Basing on his experience of scavenging and watching the novices of the trade, Eighner observes several typical stages of the process and the qualities a respectable scavenger should possess. Possessed by self-disgust and loathing what one is doing, a beginning scavenger faces the task of overcoming a popular prejudice against “eating garbage”. Gradually, making new revelations and precious finds at the dumpsite, the newly-made scavenger changes his mindset and realizes that people throw away not only rubbish, but also totally new things in perfect order. Shyness evaporates and there appears a feeling of superiority over those who manage their belongings so poorly and recklessly. The main danger at this stage of acceptation of Dumpster diving is seen by Eighner in getting too involved into picking up throw-away things, without any necessity for doing so, just because of a psychotic desire. Scroungers are quite hateful in Eighner’s opinion as they break the unwritten law of honor which demands “leaving in good condition in plain sight” whatever cannot be used by a scavenger.

Body Paragraph IV

The issues of scavenger ethics and the message of dumpsites appear to be of interest to Eighner. People throw away correspondence and other personal things which may tell whole life stories, and on the basis of which Eighner makes insightful conclusions on certain aspects of society. For instance, he is deeply worried about what is going on among students whom he mentions throughout the essay. Children of well-off parents do not care about money once it has not been earned by them; the level of student and/or tutors competence has dropped dramatically judging on the grades that Eighner sees on thrown away student papers; students throw away good books instead of keeping them as food for thought — in all this there is an indirect statement of alarm over the development of younger generations.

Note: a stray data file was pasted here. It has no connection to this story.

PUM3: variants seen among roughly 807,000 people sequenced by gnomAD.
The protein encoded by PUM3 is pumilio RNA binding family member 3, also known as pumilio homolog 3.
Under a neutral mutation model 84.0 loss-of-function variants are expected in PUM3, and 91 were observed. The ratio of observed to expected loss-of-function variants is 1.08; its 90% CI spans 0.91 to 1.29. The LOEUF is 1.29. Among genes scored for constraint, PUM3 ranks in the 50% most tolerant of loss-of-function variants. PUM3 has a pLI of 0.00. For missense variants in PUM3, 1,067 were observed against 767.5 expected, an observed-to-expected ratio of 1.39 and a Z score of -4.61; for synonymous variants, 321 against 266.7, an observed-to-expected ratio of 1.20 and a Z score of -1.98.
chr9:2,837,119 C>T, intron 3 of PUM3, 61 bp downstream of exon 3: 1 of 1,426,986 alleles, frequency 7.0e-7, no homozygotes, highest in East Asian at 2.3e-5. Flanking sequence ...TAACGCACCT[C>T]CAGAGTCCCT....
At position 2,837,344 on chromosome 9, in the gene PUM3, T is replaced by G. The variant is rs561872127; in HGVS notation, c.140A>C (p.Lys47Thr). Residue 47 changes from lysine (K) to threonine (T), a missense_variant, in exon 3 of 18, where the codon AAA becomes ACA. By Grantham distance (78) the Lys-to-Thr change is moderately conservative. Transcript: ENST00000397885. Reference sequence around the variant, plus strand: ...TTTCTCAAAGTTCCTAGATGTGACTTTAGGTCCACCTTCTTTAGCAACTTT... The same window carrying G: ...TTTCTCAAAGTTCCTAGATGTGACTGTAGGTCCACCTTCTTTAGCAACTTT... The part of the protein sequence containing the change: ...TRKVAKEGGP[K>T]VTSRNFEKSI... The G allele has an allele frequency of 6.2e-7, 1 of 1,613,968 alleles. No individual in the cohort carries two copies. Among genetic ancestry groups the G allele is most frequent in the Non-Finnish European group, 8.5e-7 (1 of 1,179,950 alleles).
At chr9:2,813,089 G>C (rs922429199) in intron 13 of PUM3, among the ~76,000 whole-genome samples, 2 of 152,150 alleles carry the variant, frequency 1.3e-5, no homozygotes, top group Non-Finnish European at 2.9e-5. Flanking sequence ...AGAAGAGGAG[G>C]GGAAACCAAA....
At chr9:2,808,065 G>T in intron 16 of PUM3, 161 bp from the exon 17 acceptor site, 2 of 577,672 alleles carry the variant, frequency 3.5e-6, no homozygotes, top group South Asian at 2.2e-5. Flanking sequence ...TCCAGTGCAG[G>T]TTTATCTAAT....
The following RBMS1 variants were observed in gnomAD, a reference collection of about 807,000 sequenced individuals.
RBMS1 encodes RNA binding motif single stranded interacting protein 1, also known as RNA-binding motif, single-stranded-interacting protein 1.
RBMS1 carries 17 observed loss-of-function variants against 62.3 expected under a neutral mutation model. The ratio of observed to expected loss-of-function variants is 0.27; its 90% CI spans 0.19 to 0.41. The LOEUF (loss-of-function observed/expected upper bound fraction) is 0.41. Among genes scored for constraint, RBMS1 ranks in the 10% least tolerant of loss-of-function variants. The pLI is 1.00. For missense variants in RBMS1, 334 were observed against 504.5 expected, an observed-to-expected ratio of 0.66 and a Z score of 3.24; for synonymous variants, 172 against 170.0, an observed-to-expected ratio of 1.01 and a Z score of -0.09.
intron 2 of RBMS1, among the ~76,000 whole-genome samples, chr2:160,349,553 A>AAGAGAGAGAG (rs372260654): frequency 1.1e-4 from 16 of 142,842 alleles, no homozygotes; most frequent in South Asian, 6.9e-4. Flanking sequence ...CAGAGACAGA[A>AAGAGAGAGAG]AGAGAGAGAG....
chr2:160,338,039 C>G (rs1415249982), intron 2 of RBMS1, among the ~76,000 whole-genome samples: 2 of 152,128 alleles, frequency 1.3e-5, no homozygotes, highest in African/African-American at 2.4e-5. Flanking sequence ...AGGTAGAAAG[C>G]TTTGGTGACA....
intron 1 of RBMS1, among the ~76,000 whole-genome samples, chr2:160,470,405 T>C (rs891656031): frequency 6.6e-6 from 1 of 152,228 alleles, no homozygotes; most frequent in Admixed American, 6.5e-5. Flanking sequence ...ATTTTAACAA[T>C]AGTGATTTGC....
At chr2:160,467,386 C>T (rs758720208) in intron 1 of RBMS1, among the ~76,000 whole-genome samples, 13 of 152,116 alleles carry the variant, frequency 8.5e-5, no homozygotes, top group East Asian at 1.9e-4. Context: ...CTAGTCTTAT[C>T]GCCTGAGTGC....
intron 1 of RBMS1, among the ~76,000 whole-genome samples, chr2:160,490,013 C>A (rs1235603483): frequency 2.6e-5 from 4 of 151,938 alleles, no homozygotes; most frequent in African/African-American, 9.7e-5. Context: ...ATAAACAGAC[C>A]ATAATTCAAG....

Conclusion

By concluding his essay with the two lessons that he learnt — that of absence of value in what represents no material or artistic value; and that of “transience of material being” — Eighner directly highlights the message of his writing, which only at first sight appears a witty manual on how to survive at dumpsites. Upon a deeper reading, it becomes apparent that the author is concerned about the state of affairs in the world driven by ‘consumer society’ — people who take more than they need, and who accumulate the ‘garbage’ of things, feelings and relations that is of no value for them. Striving for possession of everything, fighting for belongings and neglecting politeness (the way the scroungers do), they forget that valuable things are only those that are really needed for an accomplished life.

Behind the humorous narration of On Dumpster Diving there is disguised an insightful tale of life teaching him — and hopefully his readers — a lesson of carefulness in treatment of possessions, politeness in treatment of people, importance of proper raising of future generations. Thus Lars Eighner sends a message to society which warns against turning one’s whole life into a big meaningless and worthless Dumpster.

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IvyPanda. (2021) 'On Dumpster Diving by Lars Eighner'. 24 November.